The focus of functional foods development in 2002, and probably for the next five years, will be on products targeted at heart health, gut and bone health, performance and general well-being. The emergence of new approaches and concepts in product development that began in 2001 will gather pace in 2002. Most significant among these will be the emergence of 'gender-specific' functional foods—products formulated to take into account the different nutritional requirements and disease profiles of men and women. The growing awareness that nutritional requirements change throughout life could also lead to the emergence of functional foods for specific lifestages—for example, childhood, teenage, midlife and retirement. Whether this trend will gather momentum in 2002 is difficult to say, but it would not be surprising.

Some of the world's leading cereal manufacturers launched breakfast cereals for women, one example being Harmony from General Mills. Launched in North America, Harmony is a low-fat nutritional cereal for women that is fortified with calcium, antioxidants, soya, iron and folic acid.

On the other side of the world, Vital Woman, an Australian functional foods company, has introduced SOyVITAL, a daily soya bar for women, and SOyACTIVE, a zero-cholesterol daily soya bar for men. Vital Woman's Web site (www.vitalwoman.com.au) emphasises the importance of soya isoflavones for women's health and the cholesterol-lowering properties of soya foods for male heart health.

Further developments are likely following the continuing success of probiotic dairy drinks such as Yakult and Actimel. Greater activity in nondairy variants is forecast, with fruit juice likely to be a key platform. Complex probiotic drinks fortified with a variety of ingredients, for example prebiotics and antioxidant vitamins, could become more commonplace outside Japan.

The use of prebiotics and probiotics in general also will increase, finding application in an ever-broader range of product categories. Bakery and cereal products are also likely to be a key focus of attention.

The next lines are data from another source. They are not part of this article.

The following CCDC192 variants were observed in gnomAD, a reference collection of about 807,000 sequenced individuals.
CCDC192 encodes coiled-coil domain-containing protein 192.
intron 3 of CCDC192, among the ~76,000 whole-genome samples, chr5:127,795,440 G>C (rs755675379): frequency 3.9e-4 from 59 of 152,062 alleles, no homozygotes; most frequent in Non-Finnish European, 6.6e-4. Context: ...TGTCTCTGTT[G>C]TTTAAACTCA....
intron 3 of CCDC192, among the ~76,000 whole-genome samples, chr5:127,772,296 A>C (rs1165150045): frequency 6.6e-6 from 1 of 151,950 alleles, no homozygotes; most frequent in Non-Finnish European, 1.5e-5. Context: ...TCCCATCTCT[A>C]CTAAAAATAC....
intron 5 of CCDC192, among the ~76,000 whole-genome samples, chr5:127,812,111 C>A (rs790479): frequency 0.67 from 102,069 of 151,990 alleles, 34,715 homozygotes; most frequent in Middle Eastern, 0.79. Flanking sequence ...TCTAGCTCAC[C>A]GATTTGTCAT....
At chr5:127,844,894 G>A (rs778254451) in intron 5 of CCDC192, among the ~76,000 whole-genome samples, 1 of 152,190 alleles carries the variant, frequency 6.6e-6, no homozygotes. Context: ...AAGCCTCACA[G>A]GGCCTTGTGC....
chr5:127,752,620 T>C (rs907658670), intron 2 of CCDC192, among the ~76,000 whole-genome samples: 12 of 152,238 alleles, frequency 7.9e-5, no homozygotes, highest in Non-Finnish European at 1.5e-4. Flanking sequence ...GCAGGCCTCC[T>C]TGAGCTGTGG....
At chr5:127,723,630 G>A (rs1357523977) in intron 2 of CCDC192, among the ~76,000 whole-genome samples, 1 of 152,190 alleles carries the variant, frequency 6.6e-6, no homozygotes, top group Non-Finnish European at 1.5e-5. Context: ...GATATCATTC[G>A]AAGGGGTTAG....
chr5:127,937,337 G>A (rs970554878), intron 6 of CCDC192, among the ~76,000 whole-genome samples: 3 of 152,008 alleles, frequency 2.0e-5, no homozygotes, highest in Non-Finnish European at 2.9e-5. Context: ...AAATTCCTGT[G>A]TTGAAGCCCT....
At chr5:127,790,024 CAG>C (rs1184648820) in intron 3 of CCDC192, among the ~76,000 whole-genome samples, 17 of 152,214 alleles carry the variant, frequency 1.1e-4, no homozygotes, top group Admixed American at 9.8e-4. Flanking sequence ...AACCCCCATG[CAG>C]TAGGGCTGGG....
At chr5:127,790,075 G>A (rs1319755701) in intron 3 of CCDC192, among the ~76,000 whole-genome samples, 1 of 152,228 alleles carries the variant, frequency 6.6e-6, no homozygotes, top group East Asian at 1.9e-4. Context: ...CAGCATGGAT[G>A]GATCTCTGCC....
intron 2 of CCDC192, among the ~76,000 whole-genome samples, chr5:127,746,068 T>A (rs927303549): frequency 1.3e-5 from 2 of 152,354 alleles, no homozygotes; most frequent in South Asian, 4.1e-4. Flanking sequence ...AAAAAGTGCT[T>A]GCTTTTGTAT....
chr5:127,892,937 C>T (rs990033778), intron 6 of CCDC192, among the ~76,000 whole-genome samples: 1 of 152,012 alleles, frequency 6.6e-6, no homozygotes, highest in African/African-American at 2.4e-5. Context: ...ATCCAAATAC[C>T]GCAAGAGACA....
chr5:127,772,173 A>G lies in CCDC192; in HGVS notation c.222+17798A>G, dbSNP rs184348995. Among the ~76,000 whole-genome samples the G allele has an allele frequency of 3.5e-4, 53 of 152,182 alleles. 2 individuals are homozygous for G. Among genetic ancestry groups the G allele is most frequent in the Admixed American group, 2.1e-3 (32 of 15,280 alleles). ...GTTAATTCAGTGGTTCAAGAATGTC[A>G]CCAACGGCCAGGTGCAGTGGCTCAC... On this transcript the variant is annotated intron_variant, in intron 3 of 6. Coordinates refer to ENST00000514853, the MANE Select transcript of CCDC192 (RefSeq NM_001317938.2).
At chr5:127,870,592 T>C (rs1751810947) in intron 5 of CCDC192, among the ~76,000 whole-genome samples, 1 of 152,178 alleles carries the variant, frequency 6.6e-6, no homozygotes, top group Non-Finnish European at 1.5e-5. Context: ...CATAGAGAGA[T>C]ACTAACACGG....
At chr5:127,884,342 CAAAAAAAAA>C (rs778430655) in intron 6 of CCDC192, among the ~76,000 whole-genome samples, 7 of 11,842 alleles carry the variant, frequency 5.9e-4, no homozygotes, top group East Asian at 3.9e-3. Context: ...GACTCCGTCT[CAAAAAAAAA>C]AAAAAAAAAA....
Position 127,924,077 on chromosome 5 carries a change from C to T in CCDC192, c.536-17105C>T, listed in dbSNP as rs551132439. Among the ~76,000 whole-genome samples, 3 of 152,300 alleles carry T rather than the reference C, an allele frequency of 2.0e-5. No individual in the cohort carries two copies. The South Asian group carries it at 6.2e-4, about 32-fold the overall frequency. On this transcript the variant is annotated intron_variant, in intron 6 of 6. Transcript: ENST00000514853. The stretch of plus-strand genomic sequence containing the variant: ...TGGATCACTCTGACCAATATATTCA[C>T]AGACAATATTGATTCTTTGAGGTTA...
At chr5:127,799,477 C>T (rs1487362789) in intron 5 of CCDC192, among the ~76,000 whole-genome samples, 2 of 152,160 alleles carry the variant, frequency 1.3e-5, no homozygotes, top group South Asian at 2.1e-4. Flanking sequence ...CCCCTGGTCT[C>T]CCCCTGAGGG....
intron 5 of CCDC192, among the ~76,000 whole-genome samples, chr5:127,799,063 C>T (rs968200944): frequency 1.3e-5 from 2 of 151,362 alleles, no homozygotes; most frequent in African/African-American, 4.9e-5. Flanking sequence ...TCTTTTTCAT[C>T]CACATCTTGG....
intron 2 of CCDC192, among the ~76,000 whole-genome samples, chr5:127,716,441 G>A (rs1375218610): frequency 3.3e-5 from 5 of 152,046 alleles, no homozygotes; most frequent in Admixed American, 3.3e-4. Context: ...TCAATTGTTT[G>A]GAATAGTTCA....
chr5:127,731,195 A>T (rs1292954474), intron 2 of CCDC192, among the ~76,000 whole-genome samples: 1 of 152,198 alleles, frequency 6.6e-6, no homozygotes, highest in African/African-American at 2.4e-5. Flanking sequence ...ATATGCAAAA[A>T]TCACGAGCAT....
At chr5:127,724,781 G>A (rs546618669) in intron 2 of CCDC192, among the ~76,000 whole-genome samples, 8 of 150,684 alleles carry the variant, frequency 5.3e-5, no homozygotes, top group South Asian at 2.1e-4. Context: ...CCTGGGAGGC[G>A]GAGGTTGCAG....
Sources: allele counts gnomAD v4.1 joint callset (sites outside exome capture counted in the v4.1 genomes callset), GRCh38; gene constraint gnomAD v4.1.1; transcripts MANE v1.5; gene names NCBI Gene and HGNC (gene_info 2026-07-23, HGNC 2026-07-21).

With the growing recognition that many disease states are multifactorial, more complex functional foods formulations along the lines of the '&more' range could well gather momentum in 2002.

Another growing trend is functional foods targeted at 'second division' health concerns such as eye health and urinary tract infections. The considerable upsurge of interest in the link between lutein and eye health makes the development of foods for eye health maintenance a distinct possibility.

The patent and science literature points to other likely movements. Patent activity in bioactive peptides could well signal the introduction of more antihypertensive foods such as Evolus from the Finnish company Valio. Other patents from some of the world's leading food and ingredients producers include:

  • Foods to stimulate nitric oxide production and reduce blood pressure have been patented by Mars. The products contain cocoa and/or nut procyanidins in combination with arginine.

  • Van den Bergh Foods, a division of Unilever, has patented a table spread containing conjugated linoleic acid. Animal tests indicate that consumption of the spread lowers LDL cholesterol levels.

  • Forbes Medi-Tech has patented compositions that contain phytosterols, phytostanols and omega-3 polyunsaturated fatty acids for the prevention and treatment of cardiovascular diseases. These components are said to have a synergistic effect on cholesterol and triglyceride metabolism.

These are just a few of the thousands of patents related to existing and novel dietary constituents for health maintenance. This certainly signals bright prospects for continuing innovation in functional foods in 2002 and beyond.